Hi sarah. Your story is very common. I've completed a number of fasts and gone as long as 30 days but I still have the same trouble. It does require willpower and if I'm too stressed with my life in general it can just be too much for me to fast since fasting makes me attend those stressful feelings all that much more urgently.
Food the way we use it though is an addiction, that is the thing to remember. Breaking the 'habit' of eating too much too often is I think perhaps the very hardest of addictions to break also. The main reason is that social people seem to be 'feeders' and want us to eat at all times, so even if we cut ourselves off from advertising, shopping and food preparation unless we become hermits for the duration of our fasts it's very hard to avoid being offered, sometimes constantly, all types of different foods, some of which are bound to tempt us. The addiction is constant just like the habit of picking up a cigarette, it reminds us when our mealtimes were even when we're not consciously thinking about it. Our senses intrude on us with memories of food from smells and sights, sounds and textures. And our thoughts are our worst enemies most of the time, coming up with all sorts of excuses to eat- most of which won't pass inspection after the first bite!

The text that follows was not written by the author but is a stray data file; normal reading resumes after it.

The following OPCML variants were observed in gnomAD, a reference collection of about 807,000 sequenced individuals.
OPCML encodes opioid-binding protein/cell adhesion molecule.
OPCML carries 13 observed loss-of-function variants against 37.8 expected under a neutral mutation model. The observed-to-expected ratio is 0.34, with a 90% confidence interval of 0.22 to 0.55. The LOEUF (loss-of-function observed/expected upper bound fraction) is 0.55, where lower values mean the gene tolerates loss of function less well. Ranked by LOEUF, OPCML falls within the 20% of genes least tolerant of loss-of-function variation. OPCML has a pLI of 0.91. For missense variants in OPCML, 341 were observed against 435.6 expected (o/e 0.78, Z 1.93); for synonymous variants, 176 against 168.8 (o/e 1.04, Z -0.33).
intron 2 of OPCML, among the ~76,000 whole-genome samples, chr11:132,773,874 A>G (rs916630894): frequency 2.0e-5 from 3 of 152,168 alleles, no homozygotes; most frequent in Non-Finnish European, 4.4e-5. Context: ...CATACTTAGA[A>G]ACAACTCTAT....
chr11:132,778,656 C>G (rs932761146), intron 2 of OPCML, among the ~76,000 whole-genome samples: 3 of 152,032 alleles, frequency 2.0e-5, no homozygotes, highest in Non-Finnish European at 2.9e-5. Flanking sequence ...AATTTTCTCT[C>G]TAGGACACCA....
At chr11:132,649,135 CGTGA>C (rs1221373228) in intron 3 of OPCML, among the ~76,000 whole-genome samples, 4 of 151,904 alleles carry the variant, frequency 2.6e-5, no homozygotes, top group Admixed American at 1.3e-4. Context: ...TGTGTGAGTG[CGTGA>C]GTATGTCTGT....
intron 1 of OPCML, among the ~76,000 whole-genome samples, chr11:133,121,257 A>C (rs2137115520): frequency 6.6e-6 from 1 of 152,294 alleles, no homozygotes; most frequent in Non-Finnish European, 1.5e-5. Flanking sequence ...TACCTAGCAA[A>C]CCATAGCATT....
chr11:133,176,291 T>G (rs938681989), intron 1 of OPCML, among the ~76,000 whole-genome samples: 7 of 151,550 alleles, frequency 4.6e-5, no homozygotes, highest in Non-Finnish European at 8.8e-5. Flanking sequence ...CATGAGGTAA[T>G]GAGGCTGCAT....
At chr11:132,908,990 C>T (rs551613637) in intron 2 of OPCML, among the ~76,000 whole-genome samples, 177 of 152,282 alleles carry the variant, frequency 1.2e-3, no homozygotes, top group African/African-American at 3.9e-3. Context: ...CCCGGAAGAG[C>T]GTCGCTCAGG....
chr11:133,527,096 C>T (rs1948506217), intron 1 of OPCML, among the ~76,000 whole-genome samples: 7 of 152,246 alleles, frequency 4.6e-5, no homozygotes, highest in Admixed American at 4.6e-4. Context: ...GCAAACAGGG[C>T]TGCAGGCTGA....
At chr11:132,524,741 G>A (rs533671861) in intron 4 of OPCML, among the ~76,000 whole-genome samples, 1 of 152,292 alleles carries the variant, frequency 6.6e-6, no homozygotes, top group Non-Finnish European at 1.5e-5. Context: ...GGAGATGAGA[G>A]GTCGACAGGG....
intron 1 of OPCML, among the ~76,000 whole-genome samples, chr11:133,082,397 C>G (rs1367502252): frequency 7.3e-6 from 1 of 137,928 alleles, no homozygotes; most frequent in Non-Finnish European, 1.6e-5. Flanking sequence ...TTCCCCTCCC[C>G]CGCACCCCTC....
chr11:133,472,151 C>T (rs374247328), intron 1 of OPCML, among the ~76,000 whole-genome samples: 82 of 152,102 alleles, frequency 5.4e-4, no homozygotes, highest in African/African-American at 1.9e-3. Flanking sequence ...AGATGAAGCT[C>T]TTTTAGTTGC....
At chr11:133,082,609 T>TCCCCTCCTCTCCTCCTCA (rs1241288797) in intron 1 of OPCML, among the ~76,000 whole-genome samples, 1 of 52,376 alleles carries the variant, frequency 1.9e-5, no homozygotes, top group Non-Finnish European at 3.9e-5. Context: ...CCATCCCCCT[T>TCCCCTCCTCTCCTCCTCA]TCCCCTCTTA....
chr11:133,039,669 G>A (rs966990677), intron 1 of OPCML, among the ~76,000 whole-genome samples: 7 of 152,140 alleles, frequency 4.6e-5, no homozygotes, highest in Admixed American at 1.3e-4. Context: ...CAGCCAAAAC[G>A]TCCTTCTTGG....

So you're not alone by any means Sarah. Stay strong if you can! It's only as bad as all that when we think we've failed really. For most of us it's much easier once we break past those initial cravings. It has helped me to allow for 'failures' too. To focus on the whole task of the fasting experience rather than just the days not eating. So if I start a fast I always prepare myself intellectually for the day I'm going to break it and how I'm going to break it. I don't set a time limit for that and whether it's 1 day, 10 days or 40 days makes no difference, if I can break a fast correctly then I have succeeded in my fast not failed in any way.
Good luck. :)